This post is about seeing constraints in planning/agents/environments and how to wield those constraints effectively to achieve your goals.
There is a huge literature on this type of agenda setting. I think for the most part one person achieving their goals will depend a lot on how well others, with competing and possibly incompatible goal, recognize the situation and formulate their own strategies.
Agree with most of what is said. I would also point to educational alternatives like the Khan Academy.
Regarding ” If the systems are as a corrupt as you think they are, they should destroy themselves on their own in any case.” I am wondering if that is saying we will not see stable systems that are inherently corrupt (no stable equilibrium with corruption) or “that level” is not stable—but I didn’t see anything that suggest some excessively large level of corruption.
I think I would be more concerned about corrupt practices driving out possible innovations and perhaps limiting growth (but here not sure as I see China’s economy and polity as largely corrupt but they seem to be growing fine and are as stable as the USA or EU I would suggest)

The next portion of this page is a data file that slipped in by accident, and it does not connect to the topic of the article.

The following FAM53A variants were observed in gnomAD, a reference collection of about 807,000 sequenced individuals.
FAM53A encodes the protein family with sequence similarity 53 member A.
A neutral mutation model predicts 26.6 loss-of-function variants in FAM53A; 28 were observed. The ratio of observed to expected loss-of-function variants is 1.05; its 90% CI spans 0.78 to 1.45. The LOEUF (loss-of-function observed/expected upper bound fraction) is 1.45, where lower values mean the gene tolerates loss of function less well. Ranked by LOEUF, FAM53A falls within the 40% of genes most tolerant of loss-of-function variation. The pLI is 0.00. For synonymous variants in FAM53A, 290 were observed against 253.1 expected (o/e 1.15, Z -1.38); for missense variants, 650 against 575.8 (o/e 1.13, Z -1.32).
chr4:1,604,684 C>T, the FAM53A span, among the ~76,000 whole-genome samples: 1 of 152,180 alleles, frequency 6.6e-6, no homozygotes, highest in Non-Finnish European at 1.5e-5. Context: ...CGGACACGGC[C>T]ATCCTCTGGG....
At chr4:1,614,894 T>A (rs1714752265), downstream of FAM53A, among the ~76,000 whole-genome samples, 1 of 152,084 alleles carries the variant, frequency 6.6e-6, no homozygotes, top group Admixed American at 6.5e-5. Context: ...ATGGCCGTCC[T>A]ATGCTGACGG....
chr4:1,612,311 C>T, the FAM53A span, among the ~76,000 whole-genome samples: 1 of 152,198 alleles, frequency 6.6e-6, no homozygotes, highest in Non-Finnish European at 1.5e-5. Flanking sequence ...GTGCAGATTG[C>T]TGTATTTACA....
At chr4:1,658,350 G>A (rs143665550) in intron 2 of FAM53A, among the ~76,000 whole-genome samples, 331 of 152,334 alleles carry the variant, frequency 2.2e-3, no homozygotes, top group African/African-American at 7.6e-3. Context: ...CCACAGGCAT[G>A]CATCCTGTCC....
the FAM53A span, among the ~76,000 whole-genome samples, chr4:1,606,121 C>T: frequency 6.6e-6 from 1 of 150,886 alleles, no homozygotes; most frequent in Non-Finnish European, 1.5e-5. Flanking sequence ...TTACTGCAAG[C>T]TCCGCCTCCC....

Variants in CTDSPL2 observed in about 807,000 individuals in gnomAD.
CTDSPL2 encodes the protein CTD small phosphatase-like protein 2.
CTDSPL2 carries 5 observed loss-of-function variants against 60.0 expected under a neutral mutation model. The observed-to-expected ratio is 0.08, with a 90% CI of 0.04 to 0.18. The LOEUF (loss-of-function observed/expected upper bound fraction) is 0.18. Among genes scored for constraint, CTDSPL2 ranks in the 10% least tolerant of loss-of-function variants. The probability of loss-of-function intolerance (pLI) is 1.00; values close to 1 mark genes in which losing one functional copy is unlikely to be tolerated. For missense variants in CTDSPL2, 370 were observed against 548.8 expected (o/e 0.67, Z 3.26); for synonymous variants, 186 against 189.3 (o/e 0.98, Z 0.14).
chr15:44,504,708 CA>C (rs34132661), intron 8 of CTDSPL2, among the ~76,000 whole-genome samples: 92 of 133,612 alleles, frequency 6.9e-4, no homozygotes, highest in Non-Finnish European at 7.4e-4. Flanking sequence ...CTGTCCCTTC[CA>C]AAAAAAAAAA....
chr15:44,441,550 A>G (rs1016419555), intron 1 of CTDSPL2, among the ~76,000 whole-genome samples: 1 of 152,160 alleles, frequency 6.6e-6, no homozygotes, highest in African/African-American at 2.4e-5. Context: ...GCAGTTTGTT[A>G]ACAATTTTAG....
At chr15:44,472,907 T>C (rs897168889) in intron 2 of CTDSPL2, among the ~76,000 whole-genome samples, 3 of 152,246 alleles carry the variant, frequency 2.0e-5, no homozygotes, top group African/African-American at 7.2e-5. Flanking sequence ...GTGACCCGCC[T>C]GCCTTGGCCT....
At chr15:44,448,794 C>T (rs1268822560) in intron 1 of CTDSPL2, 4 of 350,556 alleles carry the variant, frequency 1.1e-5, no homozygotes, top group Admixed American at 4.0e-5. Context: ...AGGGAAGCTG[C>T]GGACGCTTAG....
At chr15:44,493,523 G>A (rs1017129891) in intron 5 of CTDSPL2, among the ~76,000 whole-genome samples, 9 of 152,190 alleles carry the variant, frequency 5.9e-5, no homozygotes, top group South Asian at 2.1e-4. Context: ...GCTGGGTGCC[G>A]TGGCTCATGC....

Interesting article on Quanta. https://www.quantamagazine.org/new-hybrid-species-remix-old-genes-creatively-20190910/
Not quite sure where this would fit into your views. A numbers of years back I came across an article about snails. Those that lived below of certain depth of water were unisex—self replicating. The same species of snail, when living in shallower waters displayed male and female and reproduction required the exchange of genetic materials as you mentioned.
The theory on why that was observed was at a certain depth the snails were not confronted with a lot of the diseases they faced in the shallower waters. Sharing the genetic code improved their ability to fight the diseases, IIRC.
I do not see that it is my position to suggest or argue that you be anything. I would suggest the “burden of proof” why X does y will always belong with X.